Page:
Steak: Echo & Rig
Steak is king in Vegas, but what makes Echo & Rig stand out in a town known for its $9.99 prime rib specials is a natural, organic approach to beef. With a butcher shop on the first floor and the main dining room and al fresco dining on the second, the Tivoli Village restaurant emits a California vibe thanks to its airy atmosphere and attention to serving sustainable, fresh ingredients.
Cuts, which are sourced from the Western U.S., include classics like the Tri-Tip and Flat Iron, along with more unique versions including the Spence Steak and the Bavette. Portion sizes are on the smaller side, so there will be plenty of room for dessert, like the Berry Shortcake made from fresh berries and citrus shortcake topped with hibiscus syprup and candied flowers, or the Caramel Turtle pie made from peanut brittle pieces and bourbon sauce served with a side of salted caramel ice cream.
photo by Jakrapan Atcharawan
Thai food is a dime a dozen throughout the city, but unlike the other usual suspects, such as the Anthony Bordain-approved Lotus of Siam, Chada offers diners a more sophisticated tasting experience with their extensive wine list and fresh Thai staples. Items not to be missed include the Nua Dad Diew (homemade beef jerkey), the Pad Kee Mao (drunken noodle) with lobster tail and the Thai sweet sticky rice with mango for dessert, a traditional Thai dessert that consists of a mango icing on top of a bed of hot steamed rice, the perfect ending to a spicy meal.
photo courtesy Kabuto
Arguably one of the top sushi spots in the country for those who’ve dined at this small, 5-table, 10-person sushi bar, Kabuto offers only three three menu options: Nigiri, Yoroi or Kabuto Omakase. Each comes with a refreshing house-made cold sake served over crushed ice, usually in a fruit variety like plum, and a selection of the freshest nigiri and sashimi (usually caught less than 48 hours prior) that ranges from the richest cuts of tuna belly to the mildest bites of baby japanese sea bass.
With only two seatings a night, one at 6:30 and one at 8:30, reservations are a must if you want to sample some of the best sushi outside of Japan. Watching the top sushi chefs from Japan put so much passion into their craft is a show in itself, so ask to be seated at the sushi bar. Because tradition calls for enjoying sushi in the moments after each piece is made, the chefs will hand you each individual piece of sushi to eat with your hands. The result is a chilled slice of fish atop warm rice with a layer of fresh wasabi in between and a brush of aged soy sauce on the top. This is how sushi is meant to be enjoyed.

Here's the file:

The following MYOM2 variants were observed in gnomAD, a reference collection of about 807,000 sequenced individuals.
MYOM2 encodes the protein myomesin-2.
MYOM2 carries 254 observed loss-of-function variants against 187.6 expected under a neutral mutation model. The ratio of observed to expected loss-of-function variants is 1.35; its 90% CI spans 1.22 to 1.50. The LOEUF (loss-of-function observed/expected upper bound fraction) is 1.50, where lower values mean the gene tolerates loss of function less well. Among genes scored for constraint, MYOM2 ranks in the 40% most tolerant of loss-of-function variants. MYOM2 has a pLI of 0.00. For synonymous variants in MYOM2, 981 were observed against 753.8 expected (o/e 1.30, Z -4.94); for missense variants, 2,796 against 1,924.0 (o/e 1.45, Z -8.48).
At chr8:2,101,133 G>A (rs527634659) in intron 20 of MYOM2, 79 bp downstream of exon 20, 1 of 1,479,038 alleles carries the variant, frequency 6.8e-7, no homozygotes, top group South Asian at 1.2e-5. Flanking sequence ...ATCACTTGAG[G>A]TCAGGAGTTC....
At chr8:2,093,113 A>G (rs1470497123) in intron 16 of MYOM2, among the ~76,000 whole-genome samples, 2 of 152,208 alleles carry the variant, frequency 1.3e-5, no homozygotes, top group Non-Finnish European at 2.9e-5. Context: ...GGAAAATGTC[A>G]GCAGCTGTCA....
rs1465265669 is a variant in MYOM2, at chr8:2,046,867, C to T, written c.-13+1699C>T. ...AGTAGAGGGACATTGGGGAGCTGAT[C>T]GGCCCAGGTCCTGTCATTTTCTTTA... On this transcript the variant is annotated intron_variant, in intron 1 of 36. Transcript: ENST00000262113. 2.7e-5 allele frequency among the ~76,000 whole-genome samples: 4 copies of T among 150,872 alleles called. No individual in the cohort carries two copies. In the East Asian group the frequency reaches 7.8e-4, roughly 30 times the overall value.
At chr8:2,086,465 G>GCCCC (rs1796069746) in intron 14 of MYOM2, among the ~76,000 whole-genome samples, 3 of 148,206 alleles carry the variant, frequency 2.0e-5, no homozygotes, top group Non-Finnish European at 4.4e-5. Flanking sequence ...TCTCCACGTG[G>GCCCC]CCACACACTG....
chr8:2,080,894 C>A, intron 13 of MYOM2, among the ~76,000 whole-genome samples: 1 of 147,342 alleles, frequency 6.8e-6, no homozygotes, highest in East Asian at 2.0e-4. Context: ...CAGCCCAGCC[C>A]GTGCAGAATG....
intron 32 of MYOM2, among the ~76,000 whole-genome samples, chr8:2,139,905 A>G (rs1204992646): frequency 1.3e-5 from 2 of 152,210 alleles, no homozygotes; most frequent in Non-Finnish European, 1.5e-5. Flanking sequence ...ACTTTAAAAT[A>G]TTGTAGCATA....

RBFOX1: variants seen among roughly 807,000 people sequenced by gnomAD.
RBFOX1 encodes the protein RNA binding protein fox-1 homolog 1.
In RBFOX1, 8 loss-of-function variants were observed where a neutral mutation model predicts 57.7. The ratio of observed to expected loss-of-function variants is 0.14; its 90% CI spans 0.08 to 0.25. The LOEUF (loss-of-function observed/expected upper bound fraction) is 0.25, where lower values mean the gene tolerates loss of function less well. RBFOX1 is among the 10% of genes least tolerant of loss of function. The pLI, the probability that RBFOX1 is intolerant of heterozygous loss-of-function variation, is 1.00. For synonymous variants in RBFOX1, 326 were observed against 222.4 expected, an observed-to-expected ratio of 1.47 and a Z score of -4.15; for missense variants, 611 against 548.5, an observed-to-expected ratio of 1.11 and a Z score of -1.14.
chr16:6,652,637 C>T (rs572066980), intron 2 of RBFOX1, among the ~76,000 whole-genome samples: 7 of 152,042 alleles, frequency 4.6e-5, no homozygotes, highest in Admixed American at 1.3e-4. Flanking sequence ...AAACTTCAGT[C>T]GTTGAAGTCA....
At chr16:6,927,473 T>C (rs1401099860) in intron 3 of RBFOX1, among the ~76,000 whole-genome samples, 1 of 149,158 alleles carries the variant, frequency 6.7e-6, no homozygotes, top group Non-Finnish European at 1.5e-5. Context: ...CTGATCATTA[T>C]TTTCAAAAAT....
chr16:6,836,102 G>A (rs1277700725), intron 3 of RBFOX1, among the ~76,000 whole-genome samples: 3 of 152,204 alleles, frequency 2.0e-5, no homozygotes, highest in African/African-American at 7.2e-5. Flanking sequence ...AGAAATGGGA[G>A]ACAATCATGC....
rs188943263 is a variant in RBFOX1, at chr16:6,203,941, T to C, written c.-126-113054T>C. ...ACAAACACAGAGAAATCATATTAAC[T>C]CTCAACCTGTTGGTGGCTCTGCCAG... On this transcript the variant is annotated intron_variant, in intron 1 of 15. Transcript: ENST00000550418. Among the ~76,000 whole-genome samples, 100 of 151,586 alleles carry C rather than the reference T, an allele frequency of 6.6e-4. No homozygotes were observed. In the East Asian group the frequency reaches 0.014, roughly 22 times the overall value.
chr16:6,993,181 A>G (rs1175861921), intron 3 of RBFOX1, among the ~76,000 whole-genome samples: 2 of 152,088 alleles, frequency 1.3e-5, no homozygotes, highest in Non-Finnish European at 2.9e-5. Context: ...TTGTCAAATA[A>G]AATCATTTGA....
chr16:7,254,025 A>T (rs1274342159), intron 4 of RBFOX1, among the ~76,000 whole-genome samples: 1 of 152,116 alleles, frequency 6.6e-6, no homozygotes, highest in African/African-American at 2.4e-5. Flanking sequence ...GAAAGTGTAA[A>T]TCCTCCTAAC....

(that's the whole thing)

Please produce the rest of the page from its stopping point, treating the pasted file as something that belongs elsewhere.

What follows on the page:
Drinks: Tokyo 365
Good luck finding much information on Tokyo 365, the underground, members-only bar Downtown Las Vegas. It’s tucked away in the Inspire building on the corner of Las Vegas Boulevard and Freemont Street, and bodes a hidden entrance behind a bookcase that is only accessible by fingerprint scan. If you’re lucky enough to make it inside, you’ll find mixologist Seong Ha Lee behind the cramped, 10-seat bar that he has stocked with liqueurs of all nationalities, a large ice block for carving custom ice cubes and an organized row of bitters and steampunk-like contraptions.
You won’t recognize a majority of ingredients on the leather-bound cocktail menu, so your best bet is to ask Seong Ha, who hails from Tokyo and brings an extensive resume of mixology awards with him, to recommend a cocktail based on your tastes. He may recommend a smoke-infused cocktail that he creates by burning a small piece of wood like hickory or oak over the cocktail, filling the room with the smell of campfire. Or you can ask him to make you a cocktail of his choice where he’ll whip up a one-of-a-kind creation that’s never been served before.